A few days before your scheduled mammogram at the Providence St. Jude Kathryn T. McCarty Breast Center, you’ll meet “Ava,” a computer-generated genetic assistant—think sophisticated chatbot—who will gather your personal and family medical history. Answering Ava’s questions on your computer or phone will take 5 to 10 minutes, and once that is completed you will have taken the first step in a state-of-the-art cancer risk assessment that is allowing women to not just identify but minimize their risk.
The information provided in the virtual interaction is evaluated against the most recent genetic research and clinical recommendations, and women who meet the criteria for genetic testing have the option of taking a simple saliva test during their mammogram appointment.
The innovative program is making Providence St. Jude a national leader in identifying high-risk women early, and then offering the best evidence-based strategies to prevent and minimize that risk. “It’s the opposite of the more typical wait-and-see-if-cancer-shows-up,” explains Brenna Chalmers, MD, a board-certified radiologist and breast imaging expert at the McCarty Breast Center. “It’s a forward-looking approach that allows us to be proactive in protecting women.”
The risk assessment and genetic testing are optional, and not all women choose to participate. Michelle Jackson says she hesitated after learning she qualified for genetic testing but found it easy and convenient: “It took two minutes; you just spit into a tube,” explains the 42-year-old mom of three. Shortly after her mammogram results came back negative, a genetic counselor from the McCarty Breast Center called to discuss her genetic test results and Michelle learned she carried a CHEK2 mutation that significantly increased her risk of breast and colon cancer.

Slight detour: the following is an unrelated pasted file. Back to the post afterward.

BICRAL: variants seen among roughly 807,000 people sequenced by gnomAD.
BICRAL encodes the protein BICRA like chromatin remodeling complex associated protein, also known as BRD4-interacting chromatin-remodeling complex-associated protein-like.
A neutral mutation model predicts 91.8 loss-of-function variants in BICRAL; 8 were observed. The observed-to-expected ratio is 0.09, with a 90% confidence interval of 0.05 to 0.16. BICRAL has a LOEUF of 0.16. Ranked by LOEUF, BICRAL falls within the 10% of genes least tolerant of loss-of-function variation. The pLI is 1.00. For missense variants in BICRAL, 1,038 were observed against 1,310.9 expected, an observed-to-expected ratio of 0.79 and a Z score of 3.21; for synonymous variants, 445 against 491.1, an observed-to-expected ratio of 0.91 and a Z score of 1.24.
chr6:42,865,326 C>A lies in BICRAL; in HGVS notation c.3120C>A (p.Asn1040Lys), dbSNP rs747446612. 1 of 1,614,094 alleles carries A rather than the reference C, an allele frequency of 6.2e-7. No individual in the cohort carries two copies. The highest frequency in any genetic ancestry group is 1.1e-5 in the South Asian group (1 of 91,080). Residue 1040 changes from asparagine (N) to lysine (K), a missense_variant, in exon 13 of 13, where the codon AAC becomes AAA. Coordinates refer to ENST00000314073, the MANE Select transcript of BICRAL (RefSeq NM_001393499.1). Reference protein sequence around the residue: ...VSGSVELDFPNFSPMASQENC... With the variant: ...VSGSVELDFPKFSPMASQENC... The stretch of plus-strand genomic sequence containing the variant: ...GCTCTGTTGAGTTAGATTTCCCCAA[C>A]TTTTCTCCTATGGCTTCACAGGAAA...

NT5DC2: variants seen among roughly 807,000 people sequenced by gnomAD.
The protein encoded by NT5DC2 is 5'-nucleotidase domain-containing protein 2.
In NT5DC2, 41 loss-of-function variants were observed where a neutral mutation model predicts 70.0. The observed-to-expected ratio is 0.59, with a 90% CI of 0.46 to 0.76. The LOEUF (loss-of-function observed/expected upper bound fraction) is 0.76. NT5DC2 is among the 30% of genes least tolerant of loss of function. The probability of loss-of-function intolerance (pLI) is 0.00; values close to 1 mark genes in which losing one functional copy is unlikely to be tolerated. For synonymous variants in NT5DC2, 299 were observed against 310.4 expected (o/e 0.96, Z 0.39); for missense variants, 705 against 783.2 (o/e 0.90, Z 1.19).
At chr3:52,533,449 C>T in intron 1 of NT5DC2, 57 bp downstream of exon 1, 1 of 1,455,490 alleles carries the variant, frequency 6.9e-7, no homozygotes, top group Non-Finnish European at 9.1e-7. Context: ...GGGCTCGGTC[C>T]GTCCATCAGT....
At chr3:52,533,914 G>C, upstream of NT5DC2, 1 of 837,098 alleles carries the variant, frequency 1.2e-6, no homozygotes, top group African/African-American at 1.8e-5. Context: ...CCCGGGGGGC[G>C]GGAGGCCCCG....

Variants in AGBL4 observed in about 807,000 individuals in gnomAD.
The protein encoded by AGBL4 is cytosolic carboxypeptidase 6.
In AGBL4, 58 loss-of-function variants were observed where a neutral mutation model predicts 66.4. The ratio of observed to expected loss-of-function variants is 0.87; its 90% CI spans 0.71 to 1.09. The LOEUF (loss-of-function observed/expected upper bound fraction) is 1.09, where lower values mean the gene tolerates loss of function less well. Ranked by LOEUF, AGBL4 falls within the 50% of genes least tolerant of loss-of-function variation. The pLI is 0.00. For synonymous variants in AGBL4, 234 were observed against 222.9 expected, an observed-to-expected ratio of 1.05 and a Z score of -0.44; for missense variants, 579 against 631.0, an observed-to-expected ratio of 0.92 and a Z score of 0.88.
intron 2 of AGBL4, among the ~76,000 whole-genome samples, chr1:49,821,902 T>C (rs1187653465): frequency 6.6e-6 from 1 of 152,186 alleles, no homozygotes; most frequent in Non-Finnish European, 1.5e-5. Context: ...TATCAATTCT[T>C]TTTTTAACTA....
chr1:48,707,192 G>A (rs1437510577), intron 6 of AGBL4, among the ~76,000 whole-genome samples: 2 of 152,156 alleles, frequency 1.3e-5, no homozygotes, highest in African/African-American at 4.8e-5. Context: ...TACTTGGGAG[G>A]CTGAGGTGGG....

Additional screenings were recommended, including an annual breast MRI, which was performed just a few months later—and revealed a stage 0 tumor. A biopsy indicated the small, contained tumor was malignant. She met with David Park, MD, medical director of the Providence St. Jude Crosson Cancer Institute, who leads the hospital’s Personalized Cancer Screening and Prevention Clinic, designed to provide individuals like Michelle with expert assessment and recommendations. She carefully listened as he outlined her options, including having the tiny mass removed via lumpectomy followed by radiation therapy and frequent monitoring.
But the mother of nine-, five- and two-year-olds had just one question: Which option offered the very best chance of raising her children? “When I found out that a double mastectomy would decrease my risk of developing breast cancer by almost 100 percent, my answer was ‘Yes, please,’ ” Jackson explains. “That decision meant resuming the life I wanted to lead, not one where fear is always in the background.”
Last May, her double mastectomy and breast reconstruction were performed together by a Providence St. Jude breast surgeon and plastic surgeon—and she says it already feels like a small blip on the radar screen of her life: “I hardly ever think about it, and when I do, it’s with gratitude that I chose to have a mammogram at Providence St. Jude and said yes to genetic testing.”